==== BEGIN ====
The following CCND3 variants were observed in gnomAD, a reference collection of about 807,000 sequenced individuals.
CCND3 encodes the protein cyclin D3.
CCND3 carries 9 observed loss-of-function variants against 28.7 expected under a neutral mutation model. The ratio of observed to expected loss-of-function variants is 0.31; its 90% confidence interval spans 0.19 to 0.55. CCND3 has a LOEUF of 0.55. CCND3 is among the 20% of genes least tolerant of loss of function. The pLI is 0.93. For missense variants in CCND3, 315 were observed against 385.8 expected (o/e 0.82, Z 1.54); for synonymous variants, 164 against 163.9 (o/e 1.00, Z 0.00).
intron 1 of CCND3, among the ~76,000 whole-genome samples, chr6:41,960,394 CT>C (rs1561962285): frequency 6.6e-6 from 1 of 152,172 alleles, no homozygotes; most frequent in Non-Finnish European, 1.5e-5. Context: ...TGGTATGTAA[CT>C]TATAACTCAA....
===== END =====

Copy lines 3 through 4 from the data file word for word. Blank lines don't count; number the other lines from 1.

CCND3 carries 9 observed loss-of-function variants against 28.7 expected under a neutral mutation model. The ratio of observed to expected loss-of-function variants is 0.31; its 90% confidence interval spans 0.19 to 0.55. CCND3 has a LOEUF of 0.55. CCND3 is among the 20% of genes least tolerant of loss of function. The pLI is 0.93. For missense variants in CCND3, 315 were observed against 385.8 expected (o/e 0.82, Z 1.54); for synonymous variants, 164 against 163.9 (o/e 1.00, Z 0.00).
intron 1 of CCND3, among the ~76,000 whole-genome samples, chr6:41,960,394 CT>C (rs1561962285): frequency 6.6e-6 from 1 of 152,172 alleles, no homozygotes; most frequent in Non-Finnish European, 1.5e-5. Context: ...TGGTATGTAA[CT>C]TATAACTCAA....